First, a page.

Monday, 10 June 2013

The Ramayana: A Modern Translation. By Ramesh C. Menon

The Ramayana

A Modern Translation by Ramesh Menon.

First published 2003. Harper Collins India.

The epic was probably first formulated maybe 2500 or 3000 years ago by Valmiki, who may have put together pre-existing tales, histories and myths into a coherent, reasonably linear story that, millennia later, continues to exert such a profound influence on the psyche of so many people, and not just in India. This, of course, is not my first acquaintance with the epic. I have already read three complete translations into English (the only language in which it is fully accessible to me with any ease), some of them more than once - the translation of 'Kambar Ramayana' from Tamil by R.K. Narayanan; C. Rajagopachari's narration, largely based, I think, on the 'original' Valmiki Ramayana; and the somewhat scholarly translation of Valmiki's Ramayana by Arshia Sattar. I have also read the free verse version by R.C Dutt,  which treats only the core story. But apart from these, I, like most 'mainland' Indians, have been exposed to narrations of bits and pieces, or sometimes the complete epic in numerous media - films, TV, dance, song, essays, puppet shows, proverbs, oral narratives and so on, almost since my birth. In the following, I make no attempt therefore to limit my reactions and thoughts to just this version of  the epic.  

Though, I will first get that out of the way. Menon's translation is the best of the four I have read - most readable, sufficiently didactic, yet sufficiently poetic. The influence of some recently written epics is discernible - specifically, Lord of the Rings and Harry Potter. Gandharvas are often translated as Elves, and the Rakshasa armies are described in a way that recalls the Orc armies of the Dark Lord. Menon writes in an open, respectful but 'secular' style. Unlike Rajaji, he does not let his religious beliefs, whatever they might be, come in the way of an apparently faithful translation. He pulls no punches when it comes to describing the rape and adultery that are frequently committed by the characters, both the Gods and the Rakshasas. Ravana is a frankly hyper-libidinous, powerful, scholarly, intelligent and handsome Rakshasa, over whom all women swoon, except Sita, of course. Lanka is described as a kind of Rome when it was declining and falling, and Hanuman on his first visit comes across a sexual orgy, described as such. But with all these ostensible vulgarities, the end result is a profound retelling of this timeless meta-history. Of course, the tale is so powerful, that the greatness of it will come through no matter who presents it and how.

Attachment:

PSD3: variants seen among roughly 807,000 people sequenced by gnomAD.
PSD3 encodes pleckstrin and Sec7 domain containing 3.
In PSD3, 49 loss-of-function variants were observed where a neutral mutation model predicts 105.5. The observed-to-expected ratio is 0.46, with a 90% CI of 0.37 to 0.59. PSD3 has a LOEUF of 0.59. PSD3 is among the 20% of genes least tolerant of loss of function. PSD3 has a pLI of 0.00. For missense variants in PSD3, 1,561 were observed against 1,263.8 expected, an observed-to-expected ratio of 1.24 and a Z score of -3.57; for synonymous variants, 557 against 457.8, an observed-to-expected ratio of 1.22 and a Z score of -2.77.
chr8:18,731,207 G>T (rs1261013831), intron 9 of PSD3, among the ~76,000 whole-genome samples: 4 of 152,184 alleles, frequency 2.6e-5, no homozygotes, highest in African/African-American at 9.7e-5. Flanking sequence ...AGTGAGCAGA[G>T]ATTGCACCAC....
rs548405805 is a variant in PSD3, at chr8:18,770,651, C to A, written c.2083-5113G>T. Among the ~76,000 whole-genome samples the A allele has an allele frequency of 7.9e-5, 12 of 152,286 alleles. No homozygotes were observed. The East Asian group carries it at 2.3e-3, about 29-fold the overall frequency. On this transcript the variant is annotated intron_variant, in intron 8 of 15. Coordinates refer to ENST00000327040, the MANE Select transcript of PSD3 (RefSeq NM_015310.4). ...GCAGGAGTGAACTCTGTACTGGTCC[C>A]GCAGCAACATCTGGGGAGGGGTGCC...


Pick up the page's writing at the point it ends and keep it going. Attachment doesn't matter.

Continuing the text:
The core story of the Ramayana, divested of all the numerous digressions and retellings, has two clearly separable parts, each with a different moral thrust. The first part comprises the Bala Kaanda and the Ayodhya Kaanda (and a bit of Aaranya Kaanda), and in my opinion, is the truly great part of the epic, and the reason why it is considered a religious text. Human social organisation was at the very initial stages at the time the epic was composed in the Bronze age. Here was a clearly stated code of honour and behaviour. It taught that no matter what, a promise given must be kept - 'praan jaaye, par vachchan na jaaye'. Rama instantly sees the need for him to suffer banishment and help keep his father's promise, and undertakes to do so without the slightest demur. This is what makes him, and his story, so great, so long-lived, so beloved. The Ramayana, this portion of it, set standards of social interaction essential if a community is to survive. It also formulated guidelines on the respective obligations of the rulers and the ruled. The code of Hammurabi is another such statement of laws necessary to establish a stable state, as are the edicts of Asoka, the analects of Confucius, etc. Of course the Ramayana, is not a statement of principles, but more the statement and emphasis of one overriding principle - of integrity (the one principle to 'rule them all'). Later religious texts and teachings such as those of the Buddha or Christ, or Prophet Mohammed are similar dissertations, though each has its own emphasis - compassion in the case of Gautama Buddha, love in the case of Christ, and and an uncompromising egalitarianism in the case of Prophet Mohammed.